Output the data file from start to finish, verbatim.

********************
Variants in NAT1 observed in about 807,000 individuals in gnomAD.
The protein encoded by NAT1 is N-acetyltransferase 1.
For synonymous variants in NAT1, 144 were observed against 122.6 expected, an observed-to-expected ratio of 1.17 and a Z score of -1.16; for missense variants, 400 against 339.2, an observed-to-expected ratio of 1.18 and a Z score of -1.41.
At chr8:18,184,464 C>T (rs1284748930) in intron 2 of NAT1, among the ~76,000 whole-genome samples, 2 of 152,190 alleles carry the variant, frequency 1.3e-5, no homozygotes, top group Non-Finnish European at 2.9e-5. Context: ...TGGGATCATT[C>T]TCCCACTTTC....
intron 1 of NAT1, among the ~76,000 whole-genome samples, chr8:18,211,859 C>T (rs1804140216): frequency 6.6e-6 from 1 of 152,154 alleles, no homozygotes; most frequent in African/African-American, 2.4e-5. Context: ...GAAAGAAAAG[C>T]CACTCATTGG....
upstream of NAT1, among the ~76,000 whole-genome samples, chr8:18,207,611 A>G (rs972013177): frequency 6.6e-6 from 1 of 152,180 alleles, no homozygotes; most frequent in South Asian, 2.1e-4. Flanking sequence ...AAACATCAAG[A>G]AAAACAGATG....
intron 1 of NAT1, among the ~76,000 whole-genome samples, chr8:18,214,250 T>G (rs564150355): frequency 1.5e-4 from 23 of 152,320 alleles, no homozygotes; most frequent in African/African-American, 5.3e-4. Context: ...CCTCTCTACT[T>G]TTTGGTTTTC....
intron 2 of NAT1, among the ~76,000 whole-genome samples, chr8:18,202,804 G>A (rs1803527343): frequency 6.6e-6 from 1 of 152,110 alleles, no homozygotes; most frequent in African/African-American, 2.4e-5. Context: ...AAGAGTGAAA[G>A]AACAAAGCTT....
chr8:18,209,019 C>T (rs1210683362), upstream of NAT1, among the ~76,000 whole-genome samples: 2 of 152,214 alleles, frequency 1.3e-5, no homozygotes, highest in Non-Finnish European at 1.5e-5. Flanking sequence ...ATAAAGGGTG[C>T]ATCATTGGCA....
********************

Variants in NAT1 observed in about 807,000 individuals in gnomAD.
The protein encoded by NAT1 is N-acetyltransferase 1.
For synonymous variants in NAT1, 144 were observed against 122.6 expected, an observed-to-expected ratio of 1.17 and a Z score of -1.16; for missense variants, 400 against 339.2, an observed-to-expected ratio of 1.18 and a Z score of -1.41.
At chr8:18,184,464 C>T (rs1284748930) in intron 2 of NAT1, among the ~76,000 whole-genome samples, 2 of 152,190 alleles carry the variant, frequency 1.3e-5, no homozygotes, top group Non-Finnish European at 2.9e-5. Context: ...TGGGATCATT[C>T]TCCCACTTTC....
intron 1 of NAT1, among the ~76,000 whole-genome samples, chr8:18,211,859 C>T (rs1804140216): frequency 6.6e-6 from 1 of 152,154 alleles, no homozygotes; most frequent in African/African-American, 2.4e-5. Context: ...GAAAGAAAAG[C>T]CACTCATTGG....
upstream of NAT1, among the ~76,000 whole-genome samples, chr8:18,207,611 A>G (rs972013177): frequency 6.6e-6 from 1 of 152,180 alleles, no homozygotes; most frequent in South Asian, 2.1e-4. Flanking sequence ...AAACATCAAG[A>G]AAAACAGATG....
intron 1 of NAT1, among the ~76,000 whole-genome samples, chr8:18,214,250 T>G (rs564150355): frequency 1.5e-4 from 23 of 152,320 alleles, no homozygotes; most frequent in African/African-American, 5.3e-4. Context: ...CCTCTCTACT[T>G]TTTGGTTTTC....
intron 2 of NAT1, among the ~76,000 whole-genome samples, chr8:18,202,804 G>A (rs1803527343): frequency 6.6e-6 from 1 of 152,110 alleles, no homozygotes; most frequent in African/African-American, 2.4e-5. Context: ...AAGAGTGAAA[G>A]AACAAAGCTT....
chr8:18,209,019 C>T (rs1210683362), upstream of NAT1, among the ~76,000 whole-genome samples: 2 of 152,214 alleles, frequency 1.3e-5, no homozygotes, highest in Non-Finnish European at 1.5e-5. Flanking sequence ...ATAAAGGGTG[C>T]ATCATTGGCA....